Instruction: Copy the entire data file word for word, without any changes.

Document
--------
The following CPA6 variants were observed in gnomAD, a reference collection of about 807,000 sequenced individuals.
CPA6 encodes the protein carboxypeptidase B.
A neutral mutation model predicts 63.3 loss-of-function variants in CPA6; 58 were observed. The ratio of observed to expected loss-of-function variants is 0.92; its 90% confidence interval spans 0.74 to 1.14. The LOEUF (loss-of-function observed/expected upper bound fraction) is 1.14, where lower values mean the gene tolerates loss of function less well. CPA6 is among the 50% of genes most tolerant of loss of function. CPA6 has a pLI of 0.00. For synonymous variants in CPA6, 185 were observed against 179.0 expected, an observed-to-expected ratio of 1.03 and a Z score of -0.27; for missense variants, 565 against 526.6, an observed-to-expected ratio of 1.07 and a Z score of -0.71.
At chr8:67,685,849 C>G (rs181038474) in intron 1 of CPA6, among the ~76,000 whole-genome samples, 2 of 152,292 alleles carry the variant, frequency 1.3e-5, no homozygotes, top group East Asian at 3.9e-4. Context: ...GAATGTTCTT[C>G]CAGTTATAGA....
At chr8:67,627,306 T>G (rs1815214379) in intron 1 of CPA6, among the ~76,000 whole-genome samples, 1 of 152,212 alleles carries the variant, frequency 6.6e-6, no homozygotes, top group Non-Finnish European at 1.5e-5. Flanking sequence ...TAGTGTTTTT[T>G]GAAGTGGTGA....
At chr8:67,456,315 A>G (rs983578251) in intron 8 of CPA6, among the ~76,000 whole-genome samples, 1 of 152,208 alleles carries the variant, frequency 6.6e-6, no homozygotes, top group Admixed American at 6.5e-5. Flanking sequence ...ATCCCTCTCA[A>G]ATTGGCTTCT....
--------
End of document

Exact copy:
The following CPA6 variants were observed in gnomAD, a reference collection of about 807,000 sequenced individuals.
CPA6 encodes the protein carboxypeptidase B.
A neutral mutation model predicts 63.3 loss-of-function variants in CPA6; 58 were observed. The ratio of observed to expected loss-of-function variants is 0.92; its 90% confidence interval spans 0.74 to 1.14. The LOEUF (loss-of-function observed/expected upper bound fraction) is 1.14, where lower values mean the gene tolerates loss of function less well. CPA6 is among the 50% of genes most tolerant of loss of function. CPA6 has a pLI of 0.00. For synonymous variants in CPA6, 185 were observed against 179.0 expected, an observed-to-expected ratio of 1.03 and a Z score of -0.27; for missense variants, 565 against 526.6, an observed-to-expected ratio of 1.07 and a Z score of -0.71.
At chr8:67,685,849 C>G (rs181038474) in intron 1 of CPA6, among the ~76,000 whole-genome samples, 2 of 152,292 alleles carry the variant, frequency 1.3e-5, no homozygotes, top group East Asian at 3.9e-4. Context: ...GAATGTTCTT[C>G]CAGTTATAGA....
At chr8:67,627,306 T>G (rs1815214379) in intron 1 of CPA6, among the ~76,000 whole-genome samples, 1 of 152,212 alleles carries the variant, frequency 6.6e-6, no homozygotes, top group Non-Finnish European at 1.5e-5. Flanking sequence ...TAGTGTTTTT[T>G]GAAGTGGTGA....
At chr8:67,456,315 A>G (rs983578251) in intron 8 of CPA6, among the ~76,000 whole-genome samples, 1 of 152,208 alleles carries the variant, frequency 6.6e-6, no homozygotes, top group Admixed American at 6.5e-5. Flanking sequence ...ATCCCTCTCA[A>G]ATTGGCTTCT....